Web Proxies – What They Are, Why They Fail and What To Do
We explain what a “Web Proxy” is, what it’s meant to do for us and what happens to our high speed broadband connection when it fails.
- “Cutting to the Chase”
- In an Ideal World..
- The Problem & Symptoms
- The Cause
- Proxy Benefits to ISP’s
- Proxy Benefits to Users (Theoretical)
- Proxy Benefits to Users (Actual)
- “Static” Web Pages.
- Configuration & Resources.
- Use another (working properly) proxy server.
- Fool the ISP proxy into giving you “Fresh” Content.
By the end of this article, you should be familiar with web proxy servers. You will understand the reasons why they are there, what happens when they fail and some solutions for when they do.
Cutting to the Chase
If you’re not interested in the finer points below, but just want to find a free proxy, search Google to find a free web proxy server.
I can’t give specific server addresses, but there are several that operate in the UK and improve web browsing considerably when compared to some ISP´s mandatorary “server”.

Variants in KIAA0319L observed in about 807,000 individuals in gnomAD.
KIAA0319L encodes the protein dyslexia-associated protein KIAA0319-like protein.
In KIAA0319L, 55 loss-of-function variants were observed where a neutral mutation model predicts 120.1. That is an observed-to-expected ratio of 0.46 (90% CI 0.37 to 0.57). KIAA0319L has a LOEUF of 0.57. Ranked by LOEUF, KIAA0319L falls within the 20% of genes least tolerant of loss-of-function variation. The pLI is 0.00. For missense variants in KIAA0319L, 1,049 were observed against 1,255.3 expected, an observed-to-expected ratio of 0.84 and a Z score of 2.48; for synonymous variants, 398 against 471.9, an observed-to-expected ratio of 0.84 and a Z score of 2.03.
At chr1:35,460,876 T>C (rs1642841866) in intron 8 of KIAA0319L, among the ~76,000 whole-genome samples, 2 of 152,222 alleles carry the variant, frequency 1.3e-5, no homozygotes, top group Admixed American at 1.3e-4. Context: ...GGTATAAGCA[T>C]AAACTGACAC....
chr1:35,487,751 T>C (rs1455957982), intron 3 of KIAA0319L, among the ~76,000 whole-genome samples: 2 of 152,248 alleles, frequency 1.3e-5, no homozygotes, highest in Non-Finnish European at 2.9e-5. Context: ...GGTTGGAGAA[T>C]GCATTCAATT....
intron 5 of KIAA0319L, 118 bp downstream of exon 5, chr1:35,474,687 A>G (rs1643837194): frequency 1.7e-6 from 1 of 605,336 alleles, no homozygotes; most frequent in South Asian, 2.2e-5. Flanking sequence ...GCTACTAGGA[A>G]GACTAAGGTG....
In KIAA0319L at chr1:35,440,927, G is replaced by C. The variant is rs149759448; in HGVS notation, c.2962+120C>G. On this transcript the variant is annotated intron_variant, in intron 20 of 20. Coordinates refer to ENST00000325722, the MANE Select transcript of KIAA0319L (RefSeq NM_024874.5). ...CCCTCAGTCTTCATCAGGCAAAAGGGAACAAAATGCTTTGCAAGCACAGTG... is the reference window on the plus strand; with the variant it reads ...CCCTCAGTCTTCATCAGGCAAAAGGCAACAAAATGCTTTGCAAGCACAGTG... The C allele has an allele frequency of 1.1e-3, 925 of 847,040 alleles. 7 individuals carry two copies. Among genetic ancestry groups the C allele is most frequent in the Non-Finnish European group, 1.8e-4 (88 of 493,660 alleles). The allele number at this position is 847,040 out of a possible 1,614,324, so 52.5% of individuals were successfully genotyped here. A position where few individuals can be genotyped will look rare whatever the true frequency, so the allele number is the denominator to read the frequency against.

For the full scoop, read on…
For those of you having problems with your web proxy (for some ISP´s, this is not optional and automatically intercepts all port 80 traffic), the following is a “high-level” explanation of what is causing the problem & suggestions of short-term fixes.
In An Ideal World..
To provide a balanced view of the issue of proxies, this section gives an outline of what should be the advantages of using web proxies.
Proxy servers/caches can be beneficial to browsing experience by decreasing the “fetch time” for pages in distant locations. This asumes, however, that the proxy server is configured correctly, has ample bandwidth and hardware resources. In many instances, ISP´s do have their proxies working correctly and therefore it may be beneficial to use. However, some ISP´s do not have adequate provision for proxy services. It is for these servers that this article is mainly geared.
The Problem & Symptoms
Problems with web “proxy” servers (or caches) can be observed by user-percieved problems such as:
- Slow web browsing.